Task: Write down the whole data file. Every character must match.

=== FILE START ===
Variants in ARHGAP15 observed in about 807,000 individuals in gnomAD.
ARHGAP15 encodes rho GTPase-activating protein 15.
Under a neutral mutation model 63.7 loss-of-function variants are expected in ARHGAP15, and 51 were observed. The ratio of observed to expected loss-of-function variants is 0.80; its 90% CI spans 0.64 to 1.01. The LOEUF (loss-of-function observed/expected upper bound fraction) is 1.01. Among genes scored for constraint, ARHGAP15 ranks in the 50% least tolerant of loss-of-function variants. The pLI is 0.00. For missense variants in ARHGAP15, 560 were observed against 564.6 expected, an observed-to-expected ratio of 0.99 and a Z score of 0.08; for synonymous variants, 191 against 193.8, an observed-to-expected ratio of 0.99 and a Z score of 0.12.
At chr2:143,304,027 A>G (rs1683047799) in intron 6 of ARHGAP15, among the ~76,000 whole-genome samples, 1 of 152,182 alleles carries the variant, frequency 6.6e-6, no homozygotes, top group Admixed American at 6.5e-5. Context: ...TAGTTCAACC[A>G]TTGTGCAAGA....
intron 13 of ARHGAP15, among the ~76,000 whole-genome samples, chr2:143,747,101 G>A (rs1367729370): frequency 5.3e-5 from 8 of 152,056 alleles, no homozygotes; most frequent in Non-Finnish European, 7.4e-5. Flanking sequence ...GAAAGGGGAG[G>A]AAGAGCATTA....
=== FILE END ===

Variants in ARHGAP15 observed in about 807,000 individuals in gnomAD.
ARHGAP15 encodes rho GTPase-activating protein 15.
Under a neutral mutation model 63.7 loss-of-function variants are expected in ARHGAP15, and 51 were observed. The ratio of observed to expected loss-of-function variants is 0.80; its 90% CI spans 0.64 to 1.01. The LOEUF (loss-of-function observed/expected upper bound fraction) is 1.01. Among genes scored for constraint, ARHGAP15 ranks in the 50% least tolerant of loss-of-function variants. The pLI is 0.00. For missense variants in ARHGAP15, 560 were observed against 564.6 expected, an observed-to-expected ratio of 0.99 and a Z score of 0.08; for synonymous variants, 191 against 193.8, an observed-to-expected ratio of 0.99 and a Z score of 0.12.
At chr2:143,304,027 A>G (rs1683047799) in intron 6 of ARHGAP15, among the ~76,000 whole-genome samples, 1 of 152,182 alleles carries the variant, frequency 6.6e-6, no homozygotes, top group Admixed American at 6.5e-5. Context: ...TAGTTCAACC[A>G]TTGTGCAAGA....
intron 13 of ARHGAP15, among the ~76,000 whole-genome samples, chr2:143,747,101 G>A (rs1367729370): frequency 5.3e-5 from 8 of 152,056 alleles, no homozygotes; most frequent in Non-Finnish European, 7.4e-5. Flanking sequence ...GAAAGGGGAG[G>A]AAGAGCATTA....